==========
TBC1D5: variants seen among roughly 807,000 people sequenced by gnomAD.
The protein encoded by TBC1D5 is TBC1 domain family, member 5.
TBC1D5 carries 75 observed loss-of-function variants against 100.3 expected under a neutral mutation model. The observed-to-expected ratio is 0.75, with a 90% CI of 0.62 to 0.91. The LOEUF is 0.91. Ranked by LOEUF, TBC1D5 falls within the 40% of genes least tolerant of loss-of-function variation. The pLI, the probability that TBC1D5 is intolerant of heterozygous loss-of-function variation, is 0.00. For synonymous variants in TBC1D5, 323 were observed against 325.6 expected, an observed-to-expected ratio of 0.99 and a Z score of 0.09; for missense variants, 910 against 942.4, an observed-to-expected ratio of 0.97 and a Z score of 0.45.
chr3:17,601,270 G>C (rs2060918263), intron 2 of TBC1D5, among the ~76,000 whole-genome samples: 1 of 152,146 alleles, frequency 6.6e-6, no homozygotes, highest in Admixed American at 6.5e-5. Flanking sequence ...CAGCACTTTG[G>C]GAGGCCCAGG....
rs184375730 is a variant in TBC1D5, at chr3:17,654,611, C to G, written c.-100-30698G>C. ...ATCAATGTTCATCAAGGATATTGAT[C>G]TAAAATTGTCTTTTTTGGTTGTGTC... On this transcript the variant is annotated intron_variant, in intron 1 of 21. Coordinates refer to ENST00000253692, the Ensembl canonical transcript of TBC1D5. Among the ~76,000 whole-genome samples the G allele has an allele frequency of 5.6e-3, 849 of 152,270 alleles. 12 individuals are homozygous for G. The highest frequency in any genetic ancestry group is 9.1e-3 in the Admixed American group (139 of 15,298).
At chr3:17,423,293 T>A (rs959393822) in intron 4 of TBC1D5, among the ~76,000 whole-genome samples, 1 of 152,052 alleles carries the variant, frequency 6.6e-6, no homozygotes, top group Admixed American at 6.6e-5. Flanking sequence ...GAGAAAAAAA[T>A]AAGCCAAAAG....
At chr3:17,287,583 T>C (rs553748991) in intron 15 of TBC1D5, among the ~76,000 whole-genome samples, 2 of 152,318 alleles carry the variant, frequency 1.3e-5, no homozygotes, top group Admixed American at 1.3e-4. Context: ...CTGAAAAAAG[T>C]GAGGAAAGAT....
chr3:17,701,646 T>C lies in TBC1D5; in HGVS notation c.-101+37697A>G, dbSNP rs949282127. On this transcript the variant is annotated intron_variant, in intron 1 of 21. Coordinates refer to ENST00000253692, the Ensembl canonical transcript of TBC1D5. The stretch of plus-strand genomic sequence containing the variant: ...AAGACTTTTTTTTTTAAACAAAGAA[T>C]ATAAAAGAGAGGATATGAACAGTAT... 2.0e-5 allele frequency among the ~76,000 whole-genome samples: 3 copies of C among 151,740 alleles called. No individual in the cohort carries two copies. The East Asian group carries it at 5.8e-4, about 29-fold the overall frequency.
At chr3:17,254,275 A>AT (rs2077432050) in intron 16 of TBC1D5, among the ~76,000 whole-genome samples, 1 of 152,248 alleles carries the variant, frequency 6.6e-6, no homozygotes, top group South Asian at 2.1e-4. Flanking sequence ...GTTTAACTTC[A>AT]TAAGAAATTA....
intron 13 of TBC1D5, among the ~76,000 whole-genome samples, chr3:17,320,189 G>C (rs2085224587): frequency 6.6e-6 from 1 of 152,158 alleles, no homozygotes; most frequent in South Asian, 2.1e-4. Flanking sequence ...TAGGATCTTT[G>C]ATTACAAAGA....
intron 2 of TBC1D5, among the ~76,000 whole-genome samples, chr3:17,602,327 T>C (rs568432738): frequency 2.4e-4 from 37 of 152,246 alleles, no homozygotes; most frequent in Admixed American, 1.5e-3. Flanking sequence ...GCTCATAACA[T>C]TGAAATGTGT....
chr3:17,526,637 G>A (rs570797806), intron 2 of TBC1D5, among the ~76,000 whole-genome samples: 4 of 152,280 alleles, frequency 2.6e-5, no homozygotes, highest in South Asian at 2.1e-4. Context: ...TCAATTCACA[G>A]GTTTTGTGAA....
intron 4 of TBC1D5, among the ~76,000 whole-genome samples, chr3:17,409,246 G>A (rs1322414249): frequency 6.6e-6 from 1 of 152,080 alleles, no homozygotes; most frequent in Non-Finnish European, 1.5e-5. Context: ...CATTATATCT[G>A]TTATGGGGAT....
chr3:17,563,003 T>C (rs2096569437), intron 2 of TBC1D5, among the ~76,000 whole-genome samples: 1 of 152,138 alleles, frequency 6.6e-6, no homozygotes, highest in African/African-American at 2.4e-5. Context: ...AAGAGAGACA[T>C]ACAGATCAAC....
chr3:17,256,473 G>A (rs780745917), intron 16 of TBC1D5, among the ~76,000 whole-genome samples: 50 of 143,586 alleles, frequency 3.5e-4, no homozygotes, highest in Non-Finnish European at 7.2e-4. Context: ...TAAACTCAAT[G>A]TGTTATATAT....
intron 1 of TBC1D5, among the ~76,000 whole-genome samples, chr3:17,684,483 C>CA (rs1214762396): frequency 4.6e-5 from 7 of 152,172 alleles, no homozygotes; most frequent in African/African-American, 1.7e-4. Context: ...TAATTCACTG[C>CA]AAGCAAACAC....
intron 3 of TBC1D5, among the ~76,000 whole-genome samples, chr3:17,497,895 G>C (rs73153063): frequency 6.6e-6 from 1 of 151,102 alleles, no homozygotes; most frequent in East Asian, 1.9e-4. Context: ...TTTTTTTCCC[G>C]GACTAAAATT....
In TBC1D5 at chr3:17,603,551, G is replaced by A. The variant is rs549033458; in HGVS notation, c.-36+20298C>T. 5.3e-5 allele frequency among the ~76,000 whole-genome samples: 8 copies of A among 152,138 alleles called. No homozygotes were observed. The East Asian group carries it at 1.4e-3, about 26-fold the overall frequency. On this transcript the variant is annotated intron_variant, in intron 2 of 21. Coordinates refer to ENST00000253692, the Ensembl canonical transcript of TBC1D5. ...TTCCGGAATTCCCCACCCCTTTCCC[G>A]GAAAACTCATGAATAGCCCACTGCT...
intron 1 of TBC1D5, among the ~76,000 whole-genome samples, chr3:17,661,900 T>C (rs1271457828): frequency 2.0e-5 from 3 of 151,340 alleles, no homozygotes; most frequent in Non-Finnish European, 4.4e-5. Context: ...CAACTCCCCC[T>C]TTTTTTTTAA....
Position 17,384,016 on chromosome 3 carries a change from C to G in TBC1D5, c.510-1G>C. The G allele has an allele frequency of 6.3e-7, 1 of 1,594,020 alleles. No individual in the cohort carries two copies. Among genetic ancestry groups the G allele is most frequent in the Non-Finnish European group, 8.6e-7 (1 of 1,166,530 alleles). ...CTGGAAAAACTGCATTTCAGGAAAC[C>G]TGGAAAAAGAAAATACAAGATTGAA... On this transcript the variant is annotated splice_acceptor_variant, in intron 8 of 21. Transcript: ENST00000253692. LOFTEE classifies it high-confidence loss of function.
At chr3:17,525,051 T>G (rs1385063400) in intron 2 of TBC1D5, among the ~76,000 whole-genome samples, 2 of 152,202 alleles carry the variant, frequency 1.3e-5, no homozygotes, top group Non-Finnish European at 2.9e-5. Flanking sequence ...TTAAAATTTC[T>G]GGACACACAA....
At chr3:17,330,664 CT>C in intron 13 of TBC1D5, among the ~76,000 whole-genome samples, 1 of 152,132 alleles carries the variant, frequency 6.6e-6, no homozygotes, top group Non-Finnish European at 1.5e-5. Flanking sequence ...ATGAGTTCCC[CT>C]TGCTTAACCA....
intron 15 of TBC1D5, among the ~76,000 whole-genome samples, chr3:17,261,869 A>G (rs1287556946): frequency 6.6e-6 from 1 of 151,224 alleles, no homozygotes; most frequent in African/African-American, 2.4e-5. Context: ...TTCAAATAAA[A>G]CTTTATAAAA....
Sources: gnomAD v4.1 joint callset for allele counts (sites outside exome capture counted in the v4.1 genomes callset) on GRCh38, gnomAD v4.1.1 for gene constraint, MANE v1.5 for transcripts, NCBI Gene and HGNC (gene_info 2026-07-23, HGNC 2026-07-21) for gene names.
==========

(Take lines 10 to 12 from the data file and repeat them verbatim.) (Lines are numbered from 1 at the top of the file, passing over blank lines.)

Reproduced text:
intron 13 of TBC1D5, among the ~76,000 whole-genome samples, chr3:17,320,189 G>C (rs2085224587): frequency 6.6e-6 from 1 of 152,158 alleles, no homozygotes; most frequent in South Asian, 2.1e-4. Flanking sequence ...TAGGATCTTT[G>C]ATTACAAAGA....
intron 2 of TBC1D5, among the ~76,000 whole-genome samples, chr3:17,602,327 T>C (rs568432738): frequency 2.4e-4 from 37 of 152,246 alleles, no homozygotes; most frequent in Admixed American, 1.5e-3. Flanking sequence ...GCTCATAACA[T>C]TGAAATGTGT....
chr3:17,526,637 G>A (rs570797806), intron 2 of TBC1D5, among the ~76,000 whole-genome samples: 4 of 152,280 alleles, frequency 2.6e-5, no homozygotes, highest in South Asian at 2.1e-4. Context: ...TCAATTCACA[G>A]GTTTTGTGAA....